The Sport of Wiffle Ball
Wiffle ball, another fun backyard game that most softball or baseball players likely played when they were growing up. Wiffle ball originated in 1953 when a U.S. man invented a plastic lightweight ball with holes in it so it’d flow differently throughout the air. The term “whiff” came from the man’s son, and refers to a hard swing and miss that often happens during a game.
How to play Wiffle Ball?
The overall object of the game is very similar to softball and baseball -- score as many runs as you can in a set amount of innings. However, because of the fun nature of the game, some leagues allow for draws.
Equipment for a wiffle ball game is minimal. Teams just need a regulation wiffle ball (perhaps bring more in case some get lost) and a plastic bat. Some leagues have an aluminum plate in place of a catcher to signal the strike zone. The loud noise from aluminum makes it easier to “hear” a strike.
Rules of Wiffle Ball
- Each wiffle ball team can have anywhere from 2 to 5 players. There must always be a pitcher and at least one fielder.
- Before a game starts, teams will agree on how many innings will be played or a time limit to be set. Games are usually 6 innings or one hour.
- The field is triangularly shaped and is usually played on natural grass or turf. The field also features different zones. For example, a single starts at 45 feet out, a double 55 feet, a triple 65 feet, and a home run is 85 feet and beyond (or if goes over a fence).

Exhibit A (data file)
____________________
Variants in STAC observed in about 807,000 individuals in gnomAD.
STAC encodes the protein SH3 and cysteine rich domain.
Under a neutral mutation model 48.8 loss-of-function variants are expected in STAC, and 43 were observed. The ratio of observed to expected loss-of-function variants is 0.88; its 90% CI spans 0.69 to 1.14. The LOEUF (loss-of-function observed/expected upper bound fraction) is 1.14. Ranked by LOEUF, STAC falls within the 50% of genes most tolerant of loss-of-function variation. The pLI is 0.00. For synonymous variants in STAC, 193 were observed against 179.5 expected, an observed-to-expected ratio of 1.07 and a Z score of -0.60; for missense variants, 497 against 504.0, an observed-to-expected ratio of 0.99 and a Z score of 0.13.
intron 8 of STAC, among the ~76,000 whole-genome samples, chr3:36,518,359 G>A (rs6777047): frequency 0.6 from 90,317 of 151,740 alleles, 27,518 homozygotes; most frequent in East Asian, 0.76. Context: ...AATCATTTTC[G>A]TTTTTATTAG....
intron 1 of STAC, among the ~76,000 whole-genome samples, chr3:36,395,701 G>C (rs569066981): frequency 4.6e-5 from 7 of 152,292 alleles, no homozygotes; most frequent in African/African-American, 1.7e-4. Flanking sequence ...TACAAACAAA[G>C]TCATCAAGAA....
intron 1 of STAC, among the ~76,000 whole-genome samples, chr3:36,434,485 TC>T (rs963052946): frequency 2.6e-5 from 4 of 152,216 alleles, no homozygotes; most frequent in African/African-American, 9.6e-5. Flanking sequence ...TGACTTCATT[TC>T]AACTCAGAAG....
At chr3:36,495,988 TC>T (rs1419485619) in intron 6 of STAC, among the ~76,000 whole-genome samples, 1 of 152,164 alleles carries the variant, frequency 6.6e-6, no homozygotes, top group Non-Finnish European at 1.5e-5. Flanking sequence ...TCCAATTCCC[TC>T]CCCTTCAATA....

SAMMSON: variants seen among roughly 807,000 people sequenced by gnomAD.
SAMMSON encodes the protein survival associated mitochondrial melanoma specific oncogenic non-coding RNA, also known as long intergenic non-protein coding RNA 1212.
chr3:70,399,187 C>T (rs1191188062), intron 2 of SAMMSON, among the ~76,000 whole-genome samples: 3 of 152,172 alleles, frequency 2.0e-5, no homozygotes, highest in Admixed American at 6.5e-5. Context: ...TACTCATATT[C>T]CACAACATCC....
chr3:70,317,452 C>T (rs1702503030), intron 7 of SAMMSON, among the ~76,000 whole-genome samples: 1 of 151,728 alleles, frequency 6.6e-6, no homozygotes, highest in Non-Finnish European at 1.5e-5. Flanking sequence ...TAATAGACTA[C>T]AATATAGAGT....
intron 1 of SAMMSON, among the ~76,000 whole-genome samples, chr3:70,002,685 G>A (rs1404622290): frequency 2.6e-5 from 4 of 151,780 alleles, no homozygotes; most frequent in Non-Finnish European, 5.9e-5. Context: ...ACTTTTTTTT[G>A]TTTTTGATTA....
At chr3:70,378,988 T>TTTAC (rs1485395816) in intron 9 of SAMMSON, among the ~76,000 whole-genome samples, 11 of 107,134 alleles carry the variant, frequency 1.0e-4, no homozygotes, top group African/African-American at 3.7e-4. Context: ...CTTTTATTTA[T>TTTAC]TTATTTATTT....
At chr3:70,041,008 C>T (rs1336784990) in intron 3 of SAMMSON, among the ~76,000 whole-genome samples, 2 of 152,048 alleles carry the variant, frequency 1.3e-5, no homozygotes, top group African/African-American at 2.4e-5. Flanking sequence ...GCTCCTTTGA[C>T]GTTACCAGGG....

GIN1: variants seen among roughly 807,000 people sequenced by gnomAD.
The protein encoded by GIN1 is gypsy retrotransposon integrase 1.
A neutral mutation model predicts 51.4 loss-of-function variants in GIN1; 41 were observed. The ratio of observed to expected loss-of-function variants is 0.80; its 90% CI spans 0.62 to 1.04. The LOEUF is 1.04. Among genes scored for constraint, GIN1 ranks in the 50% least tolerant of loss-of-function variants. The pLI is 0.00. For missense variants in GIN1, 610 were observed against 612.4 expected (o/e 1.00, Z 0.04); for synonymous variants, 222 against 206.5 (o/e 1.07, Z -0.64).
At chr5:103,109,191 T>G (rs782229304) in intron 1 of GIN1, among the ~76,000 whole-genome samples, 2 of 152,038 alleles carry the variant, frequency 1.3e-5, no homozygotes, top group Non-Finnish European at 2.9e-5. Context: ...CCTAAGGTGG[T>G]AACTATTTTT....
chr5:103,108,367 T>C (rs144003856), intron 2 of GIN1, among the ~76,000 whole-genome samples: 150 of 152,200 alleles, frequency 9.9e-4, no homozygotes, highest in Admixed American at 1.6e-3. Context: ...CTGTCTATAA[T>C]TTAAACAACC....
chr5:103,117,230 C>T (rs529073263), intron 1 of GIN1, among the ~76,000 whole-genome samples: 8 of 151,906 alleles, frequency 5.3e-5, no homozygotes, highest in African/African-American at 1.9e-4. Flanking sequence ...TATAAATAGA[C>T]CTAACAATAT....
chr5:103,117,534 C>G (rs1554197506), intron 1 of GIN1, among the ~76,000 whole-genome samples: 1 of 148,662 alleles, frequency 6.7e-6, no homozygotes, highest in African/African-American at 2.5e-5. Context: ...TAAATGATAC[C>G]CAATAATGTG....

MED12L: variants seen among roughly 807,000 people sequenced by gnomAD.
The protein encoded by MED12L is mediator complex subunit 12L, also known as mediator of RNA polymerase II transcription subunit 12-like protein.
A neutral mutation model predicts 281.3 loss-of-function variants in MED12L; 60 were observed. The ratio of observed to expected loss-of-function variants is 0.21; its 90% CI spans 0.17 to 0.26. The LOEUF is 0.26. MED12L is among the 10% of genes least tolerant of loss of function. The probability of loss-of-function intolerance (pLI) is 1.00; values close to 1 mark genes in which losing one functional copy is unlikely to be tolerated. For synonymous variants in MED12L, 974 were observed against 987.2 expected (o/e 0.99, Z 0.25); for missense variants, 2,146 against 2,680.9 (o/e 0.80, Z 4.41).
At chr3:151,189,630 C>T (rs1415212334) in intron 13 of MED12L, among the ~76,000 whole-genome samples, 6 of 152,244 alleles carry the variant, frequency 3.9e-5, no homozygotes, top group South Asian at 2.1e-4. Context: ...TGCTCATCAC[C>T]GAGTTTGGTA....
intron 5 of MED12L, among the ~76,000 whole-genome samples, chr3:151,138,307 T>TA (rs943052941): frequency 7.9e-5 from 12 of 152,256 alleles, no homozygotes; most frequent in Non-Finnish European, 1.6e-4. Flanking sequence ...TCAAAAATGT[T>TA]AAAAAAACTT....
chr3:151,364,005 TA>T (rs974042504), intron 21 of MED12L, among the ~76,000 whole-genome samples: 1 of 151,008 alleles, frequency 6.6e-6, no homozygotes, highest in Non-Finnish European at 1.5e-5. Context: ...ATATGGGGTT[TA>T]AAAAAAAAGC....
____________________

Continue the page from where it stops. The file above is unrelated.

- If there’s a full team on the field, players can only field within their respective zone. The ball must drop in the zone to be considered a single, double, triple, etc.
- Outs are recorded if the ball is caught or if a player strikes out. Like baseball and softball, three strikes equals an out.
- Unlike baseball and softball, there are no free bases in wiffle ball. This means no ball fours or no hit by pitches. This is to keep the pace of play up.
- Players cannot steal bases in wiffle ball. They can only advance based off of the result from the batter.
- If you’re in a league that has no ties, than innings will be tacked on at the end of the game until a winner emerges.
In more competitive leagues, you’ll probably see a lot of strikeouts in one game. This is because higher level pitchers are able to manipulate the ball in ways that allow for ridiculous curving, sliding, or rising action. Because a wiffle ball only has holes on one half, the surface area isn’t the same on the other half. Physics allow the ball to break towards the half with holes in it.
Written by: Devin Pickell